he European Parliament This Thursday, he expressed his “concern” about “legal procedures that go beyond the electoral process” in the country Guatemala Who seek to prevent the inauguration in January of the progressive president elected in the June 25 election Bernardo arevalo de león, After a week of protests in which thousands of Guatemalans supported the defense of democracy.
“We have many concerns about these attempts to undermine and discredit the election results.”Deputy Head of the Mexico, Central America and Caribbean Section of the European External Action Service (EEAS), noted: Duccio BandiniThis took place during a session of the Delegation for Relations with Central American Countries in the European Parliament.
The community representative stated that “legal procedures” had been implemented in the country and “Legal processes that go beyond the electoral process itself.” He added: “We have to be concerned, and above all, be very attentive to what comes after the end of the official electoral process, because they Measures aimed at preventing the inauguration of the president in January“, he commented.
Bandini expressed confidence that the country would complete its democratic transition despite being framed in a “context of deterioration”: “Everything that is happening reflects pressure and control of part of the judicial system by external individuals and external elites.”He pointed out.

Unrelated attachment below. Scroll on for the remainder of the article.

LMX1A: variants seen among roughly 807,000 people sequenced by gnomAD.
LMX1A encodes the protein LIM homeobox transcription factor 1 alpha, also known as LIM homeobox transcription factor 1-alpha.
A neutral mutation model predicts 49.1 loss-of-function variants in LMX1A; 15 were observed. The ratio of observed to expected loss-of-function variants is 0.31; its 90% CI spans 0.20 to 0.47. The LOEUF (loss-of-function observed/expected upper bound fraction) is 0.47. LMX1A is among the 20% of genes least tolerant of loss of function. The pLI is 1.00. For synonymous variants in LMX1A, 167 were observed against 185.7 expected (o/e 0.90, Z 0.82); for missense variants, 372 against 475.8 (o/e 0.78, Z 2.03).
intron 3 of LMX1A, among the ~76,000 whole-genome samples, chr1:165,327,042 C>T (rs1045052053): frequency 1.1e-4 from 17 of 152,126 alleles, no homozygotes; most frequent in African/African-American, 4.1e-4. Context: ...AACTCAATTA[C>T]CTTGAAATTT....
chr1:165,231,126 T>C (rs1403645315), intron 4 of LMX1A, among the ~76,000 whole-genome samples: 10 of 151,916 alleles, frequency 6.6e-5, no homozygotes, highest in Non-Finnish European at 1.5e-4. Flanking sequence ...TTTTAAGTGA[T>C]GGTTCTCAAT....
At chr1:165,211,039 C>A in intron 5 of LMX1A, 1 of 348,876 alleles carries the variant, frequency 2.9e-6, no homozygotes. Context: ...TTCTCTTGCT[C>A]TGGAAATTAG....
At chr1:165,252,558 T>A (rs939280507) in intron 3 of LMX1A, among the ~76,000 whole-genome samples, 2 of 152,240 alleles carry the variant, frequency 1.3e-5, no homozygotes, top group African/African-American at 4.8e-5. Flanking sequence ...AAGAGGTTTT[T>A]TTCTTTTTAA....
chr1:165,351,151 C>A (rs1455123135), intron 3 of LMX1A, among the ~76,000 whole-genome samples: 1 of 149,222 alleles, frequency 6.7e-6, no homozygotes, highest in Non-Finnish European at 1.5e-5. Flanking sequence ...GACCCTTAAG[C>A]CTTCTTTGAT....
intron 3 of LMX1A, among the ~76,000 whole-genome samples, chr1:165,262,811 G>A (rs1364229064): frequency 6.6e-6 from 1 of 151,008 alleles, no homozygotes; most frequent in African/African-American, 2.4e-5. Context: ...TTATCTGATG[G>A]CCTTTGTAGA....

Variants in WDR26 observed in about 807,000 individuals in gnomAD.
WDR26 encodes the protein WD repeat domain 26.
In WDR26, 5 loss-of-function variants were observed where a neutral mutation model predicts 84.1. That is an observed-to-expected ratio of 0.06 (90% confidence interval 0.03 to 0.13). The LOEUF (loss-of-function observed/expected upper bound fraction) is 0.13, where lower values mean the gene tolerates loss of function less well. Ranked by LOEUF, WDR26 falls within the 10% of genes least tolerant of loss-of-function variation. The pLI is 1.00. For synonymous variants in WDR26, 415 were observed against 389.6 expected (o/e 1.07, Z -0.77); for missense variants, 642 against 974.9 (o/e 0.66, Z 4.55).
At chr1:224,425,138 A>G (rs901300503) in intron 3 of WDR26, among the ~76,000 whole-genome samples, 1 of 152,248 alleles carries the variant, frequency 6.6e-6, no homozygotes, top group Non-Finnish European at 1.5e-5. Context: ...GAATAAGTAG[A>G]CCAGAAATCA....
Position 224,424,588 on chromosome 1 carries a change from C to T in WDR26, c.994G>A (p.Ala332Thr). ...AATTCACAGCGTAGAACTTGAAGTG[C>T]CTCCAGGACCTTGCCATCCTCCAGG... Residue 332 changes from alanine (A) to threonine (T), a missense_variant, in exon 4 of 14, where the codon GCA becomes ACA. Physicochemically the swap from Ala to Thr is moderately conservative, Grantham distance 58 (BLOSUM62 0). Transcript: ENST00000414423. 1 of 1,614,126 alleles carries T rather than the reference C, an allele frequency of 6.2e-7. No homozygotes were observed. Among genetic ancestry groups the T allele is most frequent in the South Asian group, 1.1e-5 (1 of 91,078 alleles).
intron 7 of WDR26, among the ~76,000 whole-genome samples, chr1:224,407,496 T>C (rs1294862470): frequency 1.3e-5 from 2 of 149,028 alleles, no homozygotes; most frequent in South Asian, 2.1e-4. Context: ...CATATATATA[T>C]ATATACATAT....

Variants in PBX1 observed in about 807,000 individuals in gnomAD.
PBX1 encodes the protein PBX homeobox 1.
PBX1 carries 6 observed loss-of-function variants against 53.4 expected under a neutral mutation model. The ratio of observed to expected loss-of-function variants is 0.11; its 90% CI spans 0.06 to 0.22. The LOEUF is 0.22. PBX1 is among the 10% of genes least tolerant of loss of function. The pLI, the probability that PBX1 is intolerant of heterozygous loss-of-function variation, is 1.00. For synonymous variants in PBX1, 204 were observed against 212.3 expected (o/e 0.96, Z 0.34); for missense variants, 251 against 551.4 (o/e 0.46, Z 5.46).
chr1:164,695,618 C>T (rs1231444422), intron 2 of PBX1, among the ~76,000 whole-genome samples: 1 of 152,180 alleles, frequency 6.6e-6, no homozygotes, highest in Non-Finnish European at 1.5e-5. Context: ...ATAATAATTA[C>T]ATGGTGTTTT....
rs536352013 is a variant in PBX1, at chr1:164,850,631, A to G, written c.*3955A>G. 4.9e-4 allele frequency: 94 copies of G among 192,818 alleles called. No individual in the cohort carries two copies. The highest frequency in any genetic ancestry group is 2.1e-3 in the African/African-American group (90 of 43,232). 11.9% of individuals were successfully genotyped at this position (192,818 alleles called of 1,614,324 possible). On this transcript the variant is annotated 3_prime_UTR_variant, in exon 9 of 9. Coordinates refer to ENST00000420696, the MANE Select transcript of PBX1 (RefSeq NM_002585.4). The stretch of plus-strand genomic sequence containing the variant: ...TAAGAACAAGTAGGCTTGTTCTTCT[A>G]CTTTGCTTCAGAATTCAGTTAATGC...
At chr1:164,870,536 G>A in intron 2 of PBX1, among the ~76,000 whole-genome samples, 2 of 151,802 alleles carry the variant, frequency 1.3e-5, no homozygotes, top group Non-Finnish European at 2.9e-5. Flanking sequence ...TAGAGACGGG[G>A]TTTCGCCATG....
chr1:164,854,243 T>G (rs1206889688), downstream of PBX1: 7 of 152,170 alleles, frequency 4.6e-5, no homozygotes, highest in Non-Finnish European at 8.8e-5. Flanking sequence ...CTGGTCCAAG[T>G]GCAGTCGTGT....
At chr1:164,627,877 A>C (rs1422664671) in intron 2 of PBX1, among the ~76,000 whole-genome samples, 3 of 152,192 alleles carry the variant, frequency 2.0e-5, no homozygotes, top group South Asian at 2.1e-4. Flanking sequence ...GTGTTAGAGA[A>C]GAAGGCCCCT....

Likewise, it was stated that it is located in a “broader climate of persecution, witch-hunting and intimidation” that is clearly visible on social networks and reflects “An instability that deserves all the attention.”
From the European Parliament, Bandini confirmed that they are preserving their rights In support of the president-elect and to “the process of strengthening its institutions” and “much-needed social and economic development.”
For his part, the head of the European Union election observation mission, a member of the European Parliament, said: Jordi KanasHe stressed that its shipment was “essential in the development of some Historic elections“.